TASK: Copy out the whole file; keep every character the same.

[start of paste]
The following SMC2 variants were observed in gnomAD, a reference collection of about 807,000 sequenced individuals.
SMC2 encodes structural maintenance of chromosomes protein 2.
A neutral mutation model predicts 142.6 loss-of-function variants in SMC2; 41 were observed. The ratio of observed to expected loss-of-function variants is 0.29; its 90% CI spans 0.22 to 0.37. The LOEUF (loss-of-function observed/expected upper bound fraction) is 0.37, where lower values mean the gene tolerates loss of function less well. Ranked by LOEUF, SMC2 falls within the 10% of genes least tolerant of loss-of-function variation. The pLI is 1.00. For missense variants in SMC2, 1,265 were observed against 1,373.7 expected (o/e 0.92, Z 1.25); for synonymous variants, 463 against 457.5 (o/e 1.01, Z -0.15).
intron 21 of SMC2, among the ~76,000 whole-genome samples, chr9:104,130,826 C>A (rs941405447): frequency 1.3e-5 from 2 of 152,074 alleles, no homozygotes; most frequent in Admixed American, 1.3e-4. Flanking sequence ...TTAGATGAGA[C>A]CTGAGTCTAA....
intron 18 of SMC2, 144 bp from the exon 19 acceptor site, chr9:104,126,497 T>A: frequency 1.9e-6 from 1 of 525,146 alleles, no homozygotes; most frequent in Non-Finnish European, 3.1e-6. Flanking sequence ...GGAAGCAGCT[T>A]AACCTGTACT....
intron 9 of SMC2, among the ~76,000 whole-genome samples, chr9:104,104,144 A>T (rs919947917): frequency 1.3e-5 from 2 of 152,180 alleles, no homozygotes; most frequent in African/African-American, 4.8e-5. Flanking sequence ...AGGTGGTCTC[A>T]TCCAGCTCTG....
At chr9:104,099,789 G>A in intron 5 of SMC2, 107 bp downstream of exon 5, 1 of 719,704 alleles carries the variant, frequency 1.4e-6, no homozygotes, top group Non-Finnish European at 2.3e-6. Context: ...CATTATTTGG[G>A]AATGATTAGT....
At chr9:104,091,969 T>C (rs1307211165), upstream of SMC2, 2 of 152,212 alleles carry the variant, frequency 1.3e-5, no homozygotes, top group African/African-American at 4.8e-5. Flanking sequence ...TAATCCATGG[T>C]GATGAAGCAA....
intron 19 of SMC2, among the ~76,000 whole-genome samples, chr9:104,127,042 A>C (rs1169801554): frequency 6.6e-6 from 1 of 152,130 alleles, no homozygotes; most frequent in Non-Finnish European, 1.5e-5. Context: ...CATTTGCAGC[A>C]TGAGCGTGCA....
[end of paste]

The following SMC2 variants were observed in gnomAD, a reference collection of about 807,000 sequenced individuals.
SMC2 encodes structural maintenance of chromosomes protein 2.
A neutral mutation model predicts 142.6 loss-of-function variants in SMC2; 41 were observed. The ratio of observed to expected loss-of-function variants is 0.29; its 90% CI spans 0.22 to 0.37. The LOEUF (loss-of-function observed/expected upper bound fraction) is 0.37, where lower values mean the gene tolerates loss of function less well. Ranked by LOEUF, SMC2 falls within the 10% of genes least tolerant of loss-of-function variation. The pLI is 1.00. For missense variants in SMC2, 1,265 were observed against 1,373.7 expected (o/e 0.92, Z 1.25); for synonymous variants, 463 against 457.5 (o/e 1.01, Z -0.15).
intron 21 of SMC2, among the ~76,000 whole-genome samples, chr9:104,130,826 C>A (rs941405447): frequency 1.3e-5 from 2 of 152,074 alleles, no homozygotes; most frequent in Admixed American, 1.3e-4. Flanking sequence ...TTAGATGAGA[C>A]CTGAGTCTAA....
intron 18 of SMC2, 144 bp from the exon 19 acceptor site, chr9:104,126,497 T>A: frequency 1.9e-6 from 1 of 525,146 alleles, no homozygotes; most frequent in Non-Finnish European, 3.1e-6. Flanking sequence ...GGAAGCAGCT[T>A]AACCTGTACT....
intron 9 of SMC2, among the ~76,000 whole-genome samples, chr9:104,104,144 A>T (rs919947917): frequency 1.3e-5 from 2 of 152,180 alleles, no homozygotes; most frequent in African/African-American, 4.8e-5. Flanking sequence ...AGGTGGTCTC[A>T]TCCAGCTCTG....
At chr9:104,099,789 G>A in intron 5 of SMC2, 107 bp downstream of exon 5, 1 of 719,704 alleles carries the variant, frequency 1.4e-6, no homozygotes, top group Non-Finnish European at 2.3e-6. Context: ...CATTATTTGG[G>A]AATGATTAGT....
At chr9:104,091,969 T>C (rs1307211165), upstream of SMC2, 2 of 152,212 alleles carry the variant, frequency 1.3e-5, no homozygotes, top group African/African-American at 4.8e-5. Flanking sequence ...TAATCCATGG[T>C]GATGAAGCAA....
intron 19 of SMC2, among the ~76,000 whole-genome samples, chr9:104,127,042 A>C (rs1169801554): frequency 6.6e-6 from 1 of 152,130 alleles, no homozygotes; most frequent in Non-Finnish European, 1.5e-5. Context: ...CATTTGCAGC[A>C]TGAGCGTGCA....